And let’s not be fooled by the so-called dialogue taking place, every now and then, between the members of the decision-making caste of critics and those who merely want to enrich the literary canon by adding to it a handful of worthy names. It’s all part of a power play, it’s all part of the same deathless game of influences, where the ruling side cedes ground to its opponents here and there, or pretends to do it — preferably in the least relevant places, most likely by sacrificing its least valuable assets — to satisfy the demands of the most insurgent groups, to appease them, and, ultimately, to preserve the remaining part of the existing hierarchy in a slightly reduced but otherwise nearly intact condition. “Do you want to insert more writers belonging to this or that group into the canon? That’s fine. We’ll give you one or two slots to fill. Put in there anyone you want but then go home, good people, go home and let us be.”

Besides, it’s hardly a secret that such lists of canonical works circulating in the media are, more often than not, biased and unapologetically Anglo- and Americentric, with the rest of world literature being either treated in a blatantly patronizing manner or dismissed completely. And while only a small number of foreign literary figures can consider themselves lucky to have secured a spot on those lists, at the same time the most mediocre and second-rate English-speaking novelists easily make the cut.

For this reason, either we make the effort indispensable to compose an exhaustive catalog of the finest authors coming from every single country or there’s no use bothering ourselves with such lists following the set of deliberately vague and unspecified criteria of admission. Because, as of now, it’s nothing short of a farce, a consummate embarrassment in the eyes of the rapidly changing and shifting modern world in which nations — until recently overlooked or blatantly ignored — are demanding to be heard and treated equally.

And if we’re still unable so much as to draft a proposal of the literary canon satisfying all and including all those who are worthy of such an honor, perhaps it’s high time to abolish it and dispose of that flawed and bankrupt concept entirely.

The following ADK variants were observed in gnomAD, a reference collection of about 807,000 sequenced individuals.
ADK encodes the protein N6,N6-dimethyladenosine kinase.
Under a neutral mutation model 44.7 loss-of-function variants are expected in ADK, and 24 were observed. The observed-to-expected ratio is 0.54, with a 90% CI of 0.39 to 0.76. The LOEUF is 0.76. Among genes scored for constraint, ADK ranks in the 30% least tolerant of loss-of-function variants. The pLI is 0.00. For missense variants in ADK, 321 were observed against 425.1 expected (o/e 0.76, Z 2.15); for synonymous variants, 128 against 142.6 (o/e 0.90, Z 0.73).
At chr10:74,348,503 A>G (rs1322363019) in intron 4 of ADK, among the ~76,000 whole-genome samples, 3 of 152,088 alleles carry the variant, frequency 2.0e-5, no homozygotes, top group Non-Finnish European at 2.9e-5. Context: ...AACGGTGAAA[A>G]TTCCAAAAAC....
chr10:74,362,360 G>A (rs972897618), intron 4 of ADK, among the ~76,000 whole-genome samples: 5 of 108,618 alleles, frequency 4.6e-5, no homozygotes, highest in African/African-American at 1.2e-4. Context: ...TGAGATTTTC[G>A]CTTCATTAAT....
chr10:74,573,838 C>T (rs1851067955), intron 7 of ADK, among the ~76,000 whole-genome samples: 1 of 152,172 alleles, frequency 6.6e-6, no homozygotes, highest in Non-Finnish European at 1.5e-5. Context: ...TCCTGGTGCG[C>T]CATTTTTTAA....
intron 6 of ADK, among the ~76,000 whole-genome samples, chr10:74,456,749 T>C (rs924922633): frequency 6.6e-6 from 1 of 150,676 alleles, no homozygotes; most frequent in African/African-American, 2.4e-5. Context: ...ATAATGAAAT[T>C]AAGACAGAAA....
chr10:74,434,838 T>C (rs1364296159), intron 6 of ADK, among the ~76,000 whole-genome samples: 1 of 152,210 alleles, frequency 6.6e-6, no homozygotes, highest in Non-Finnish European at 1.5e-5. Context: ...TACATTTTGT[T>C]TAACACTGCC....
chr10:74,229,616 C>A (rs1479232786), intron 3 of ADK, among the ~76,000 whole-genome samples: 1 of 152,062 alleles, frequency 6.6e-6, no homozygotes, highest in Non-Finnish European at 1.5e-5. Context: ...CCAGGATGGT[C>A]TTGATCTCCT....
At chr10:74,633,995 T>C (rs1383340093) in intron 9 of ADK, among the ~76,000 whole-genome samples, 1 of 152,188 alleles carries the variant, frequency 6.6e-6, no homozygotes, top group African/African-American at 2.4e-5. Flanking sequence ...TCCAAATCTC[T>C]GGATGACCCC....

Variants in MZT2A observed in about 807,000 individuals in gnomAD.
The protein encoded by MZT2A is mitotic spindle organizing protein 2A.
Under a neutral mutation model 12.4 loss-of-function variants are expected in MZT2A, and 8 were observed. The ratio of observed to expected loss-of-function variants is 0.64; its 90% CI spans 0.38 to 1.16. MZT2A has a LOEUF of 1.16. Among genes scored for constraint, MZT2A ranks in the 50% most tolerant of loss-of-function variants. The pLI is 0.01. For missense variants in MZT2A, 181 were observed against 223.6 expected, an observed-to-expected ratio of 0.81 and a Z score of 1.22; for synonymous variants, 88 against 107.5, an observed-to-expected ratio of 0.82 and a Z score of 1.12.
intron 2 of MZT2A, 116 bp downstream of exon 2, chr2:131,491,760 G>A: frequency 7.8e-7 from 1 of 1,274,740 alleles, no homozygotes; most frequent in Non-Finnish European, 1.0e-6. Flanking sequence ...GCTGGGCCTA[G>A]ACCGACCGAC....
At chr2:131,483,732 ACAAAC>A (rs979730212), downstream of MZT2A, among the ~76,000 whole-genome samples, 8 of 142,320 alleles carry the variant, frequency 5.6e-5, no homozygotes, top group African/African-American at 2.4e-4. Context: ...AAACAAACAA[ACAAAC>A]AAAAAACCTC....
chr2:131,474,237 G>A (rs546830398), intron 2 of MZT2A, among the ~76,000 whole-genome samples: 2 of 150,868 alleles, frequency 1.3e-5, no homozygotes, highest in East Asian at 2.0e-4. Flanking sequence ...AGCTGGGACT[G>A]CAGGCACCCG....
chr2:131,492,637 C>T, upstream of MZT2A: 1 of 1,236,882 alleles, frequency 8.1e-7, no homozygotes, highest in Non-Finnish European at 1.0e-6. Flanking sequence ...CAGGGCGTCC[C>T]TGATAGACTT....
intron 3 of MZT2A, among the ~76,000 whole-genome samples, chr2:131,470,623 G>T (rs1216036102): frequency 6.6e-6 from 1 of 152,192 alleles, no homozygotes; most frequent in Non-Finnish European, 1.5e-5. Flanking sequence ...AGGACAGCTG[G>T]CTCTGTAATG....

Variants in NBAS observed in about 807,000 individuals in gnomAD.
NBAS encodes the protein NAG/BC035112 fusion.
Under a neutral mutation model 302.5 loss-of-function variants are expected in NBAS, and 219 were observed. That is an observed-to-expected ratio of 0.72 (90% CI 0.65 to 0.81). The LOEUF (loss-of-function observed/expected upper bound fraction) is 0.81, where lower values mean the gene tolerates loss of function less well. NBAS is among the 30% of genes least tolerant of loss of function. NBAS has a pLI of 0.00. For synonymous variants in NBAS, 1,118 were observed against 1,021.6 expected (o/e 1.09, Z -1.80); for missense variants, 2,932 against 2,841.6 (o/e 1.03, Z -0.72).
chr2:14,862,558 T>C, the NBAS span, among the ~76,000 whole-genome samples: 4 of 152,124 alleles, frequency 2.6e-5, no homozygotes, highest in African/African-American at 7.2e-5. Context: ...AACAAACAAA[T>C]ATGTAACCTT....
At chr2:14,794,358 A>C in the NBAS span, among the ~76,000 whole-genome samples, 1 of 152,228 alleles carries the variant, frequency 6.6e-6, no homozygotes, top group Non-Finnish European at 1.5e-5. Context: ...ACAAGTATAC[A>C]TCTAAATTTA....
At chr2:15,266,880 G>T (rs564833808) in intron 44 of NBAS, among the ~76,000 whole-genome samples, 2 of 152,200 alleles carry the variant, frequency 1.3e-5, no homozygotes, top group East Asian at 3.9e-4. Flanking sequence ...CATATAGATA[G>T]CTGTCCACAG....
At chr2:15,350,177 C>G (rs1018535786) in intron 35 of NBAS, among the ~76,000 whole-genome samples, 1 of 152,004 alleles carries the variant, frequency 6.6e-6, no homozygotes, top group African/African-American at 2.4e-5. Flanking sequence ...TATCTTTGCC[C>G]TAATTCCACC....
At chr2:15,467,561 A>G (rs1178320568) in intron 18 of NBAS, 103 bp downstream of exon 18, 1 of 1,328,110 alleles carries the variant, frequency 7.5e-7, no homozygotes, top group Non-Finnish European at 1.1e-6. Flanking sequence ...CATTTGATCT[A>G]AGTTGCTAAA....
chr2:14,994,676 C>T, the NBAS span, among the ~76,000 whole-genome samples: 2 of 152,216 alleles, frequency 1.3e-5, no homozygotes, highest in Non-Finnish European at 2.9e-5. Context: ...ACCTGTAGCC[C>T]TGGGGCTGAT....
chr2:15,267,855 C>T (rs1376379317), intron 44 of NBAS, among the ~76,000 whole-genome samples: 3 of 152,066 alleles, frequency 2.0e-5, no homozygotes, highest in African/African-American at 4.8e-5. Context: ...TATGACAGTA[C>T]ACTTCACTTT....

If you can’t beat your opponent at the game in which he is also a referee and gatekeeper all rolled into one, then the only wise move is not to play at all.

For then it’s no longer a matter of tireless fighting and infighting and being busy clawing one another’s eyes out over who should make the list and be rewarded with a prominent spot on it, but rather it’s all about the indefensibility of such a list. If you can’t beat your opponent at the game in which he, and not an impartial third party, is also a referee and gatekeeper all rolled into one, then the only wise move is not to play at all — for you won’t be able to win it, even if you do your best — or to dispense with the very game in question. Only then will we attain lasting and genuine fairness.

But wouldn’t it lay the foundation for a nascent state of cultural anarchy, for a literary vacuum, and for a void that could be maddeningly hard to fill? The remedy for it is a simple one: Everyone should compile their own personal canon and cherish it and cultivate it privately, without trying to force it on their fellow readers and without succumbing too readily to the influence and judgment of others. Such an attitude has a name: It’s called individualism, as opposed to the mindless following the antiquated norms and dogmas implemented by the long-dead people or by the ones being out of step (or two of those) with current reality.

Perhaps, paraphrasing the words uttered by the child character in the first Matrix movie, we should look suspiciously at those itching to impose the failed concept of a literary canon on us and whisper: “There’s no canon.”

For there’s no need for it at all.


Thank you for reading.

Copyright © 2019 by F. R. Foksal


F. R. Foksal is a Polish author writing in English, his second language. His short story collection, Hour Between Late Night and Early Morning, is available at Amazon. He believes that writing about literature doesn’t have to be boring and that books still stand a chance in today’s high-definition reality.

The Nonconformist

The sharpest stories and perspectives around. We write about books, without compromise. For nonconformists only.

F. R. Foksal

Written by

Editor of The Nonconformist; writing about books, without compromise: www.nonconformist-mag.com | Email me at: contact.foksal@gmail.com

The Nonconformist

The sharpest stories and perspectives around. We write about books, without compromise. For nonconformists only.